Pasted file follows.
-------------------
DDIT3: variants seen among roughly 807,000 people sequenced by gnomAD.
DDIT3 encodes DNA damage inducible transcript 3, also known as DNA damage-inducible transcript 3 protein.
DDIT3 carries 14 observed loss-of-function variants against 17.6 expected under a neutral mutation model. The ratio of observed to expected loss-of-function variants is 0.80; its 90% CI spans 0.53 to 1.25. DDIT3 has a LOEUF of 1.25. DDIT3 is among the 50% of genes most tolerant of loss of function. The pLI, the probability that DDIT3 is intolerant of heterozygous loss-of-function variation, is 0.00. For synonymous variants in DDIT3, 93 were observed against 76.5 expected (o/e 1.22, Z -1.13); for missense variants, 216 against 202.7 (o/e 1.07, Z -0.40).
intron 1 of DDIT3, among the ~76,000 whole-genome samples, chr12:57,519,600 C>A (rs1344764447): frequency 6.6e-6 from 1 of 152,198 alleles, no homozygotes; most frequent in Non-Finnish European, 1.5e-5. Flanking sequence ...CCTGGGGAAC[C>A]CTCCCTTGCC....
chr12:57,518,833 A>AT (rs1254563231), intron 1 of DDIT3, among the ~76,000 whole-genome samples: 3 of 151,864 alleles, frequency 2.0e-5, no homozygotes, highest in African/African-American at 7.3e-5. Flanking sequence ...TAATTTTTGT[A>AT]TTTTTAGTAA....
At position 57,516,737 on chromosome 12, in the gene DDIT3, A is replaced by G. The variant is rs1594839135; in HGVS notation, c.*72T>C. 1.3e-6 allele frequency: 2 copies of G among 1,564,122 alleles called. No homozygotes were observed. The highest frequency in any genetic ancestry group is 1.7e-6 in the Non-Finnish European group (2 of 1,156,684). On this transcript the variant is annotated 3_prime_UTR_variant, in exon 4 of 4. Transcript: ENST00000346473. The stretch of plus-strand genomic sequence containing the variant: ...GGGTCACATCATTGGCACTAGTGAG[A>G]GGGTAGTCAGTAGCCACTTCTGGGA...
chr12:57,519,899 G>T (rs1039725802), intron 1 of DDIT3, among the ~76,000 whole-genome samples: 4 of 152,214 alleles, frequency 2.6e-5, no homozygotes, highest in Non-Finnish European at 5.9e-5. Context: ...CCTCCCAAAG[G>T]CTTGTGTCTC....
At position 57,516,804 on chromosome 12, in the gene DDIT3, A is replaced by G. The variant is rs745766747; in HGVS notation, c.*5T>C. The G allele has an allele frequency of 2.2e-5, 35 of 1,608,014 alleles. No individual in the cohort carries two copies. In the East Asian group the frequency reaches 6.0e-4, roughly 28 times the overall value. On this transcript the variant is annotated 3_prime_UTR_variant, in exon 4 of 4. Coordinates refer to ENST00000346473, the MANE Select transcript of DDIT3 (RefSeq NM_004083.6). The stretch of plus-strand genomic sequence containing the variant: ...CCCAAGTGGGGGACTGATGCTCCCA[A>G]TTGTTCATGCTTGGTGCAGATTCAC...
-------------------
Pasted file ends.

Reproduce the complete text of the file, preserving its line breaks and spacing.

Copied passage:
DDIT3: variants seen among roughly 807,000 people sequenced by gnomAD.
DDIT3 encodes DNA damage inducible transcript 3, also known as DNA damage-inducible transcript 3 protein.
DDIT3 carries 14 observed loss-of-function variants against 17.6 expected under a neutral mutation model. The ratio of observed to expected loss-of-function variants is 0.80; its 90% CI spans 0.53 to 1.25. DDIT3 has a LOEUF of 1.25. DDIT3 is among the 50% of genes most tolerant of loss of function. The pLI, the probability that DDIT3 is intolerant of heterozygous loss-of-function variation, is 0.00. For synonymous variants in DDIT3, 93 were observed against 76.5 expected (o/e 1.22, Z -1.13); for missense variants, 216 against 202.7 (o/e 1.07, Z -0.40).
intron 1 of DDIT3, among the ~76,000 whole-genome samples, chr12:57,519,600 C>A (rs1344764447): frequency 6.6e-6 from 1 of 152,198 alleles, no homozygotes; most frequent in Non-Finnish European, 1.5e-5. Flanking sequence ...CCTGGGGAAC[C>A]CTCCCTTGCC....
chr12:57,518,833 A>AT (rs1254563231), intron 1 of DDIT3, among the ~76,000 whole-genome samples: 3 of 151,864 alleles, frequency 2.0e-5, no homozygotes, highest in African/African-American at 7.3e-5. Flanking sequence ...TAATTTTTGT[A>AT]TTTTTAGTAA....
At position 57,516,737 on chromosome 12, in the gene DDIT3, A is replaced by G. The variant is rs1594839135; in HGVS notation, c.*72T>C. 1.3e-6 allele frequency: 2 copies of G among 1,564,122 alleles called. No homozygotes were observed. The highest frequency in any genetic ancestry group is 1.7e-6 in the Non-Finnish European group (2 of 1,156,684). On this transcript the variant is annotated 3_prime_UTR_variant, in exon 4 of 4. Transcript: ENST00000346473. The stretch of plus-strand genomic sequence containing the variant: ...GGGTCACATCATTGGCACTAGTGAG[A>G]GGGTAGTCAGTAGCCACTTCTGGGA...
chr12:57,519,899 G>T (rs1039725802), intron 1 of DDIT3, among the ~76,000 whole-genome samples: 4 of 152,214 alleles, frequency 2.6e-5, no homozygotes, highest in Non-Finnish European at 5.9e-5. Context: ...CCTCCCAAAG[G>T]CTTGTGTCTC....
At position 57,516,804 on chromosome 12, in the gene DDIT3, A is replaced by G. The variant is rs745766747; in HGVS notation, c.*5T>C. The G allele has an allele frequency of 2.2e-5, 35 of 1,608,014 alleles. No individual in the cohort carries two copies. In the East Asian group the frequency reaches 6.0e-4, roughly 28 times the overall value. On this transcript the variant is annotated 3_prime_UTR_variant, in exon 4 of 4. Coordinates refer to ENST00000346473, the MANE Select transcript of DDIT3 (RefSeq NM_004083.6). The stretch of plus-strand genomic sequence containing the variant: ...CCCAAGTGGGGGACTGATGCTCCCA[A>G]TTGTTCATGCTTGGTGCAGATTCAC...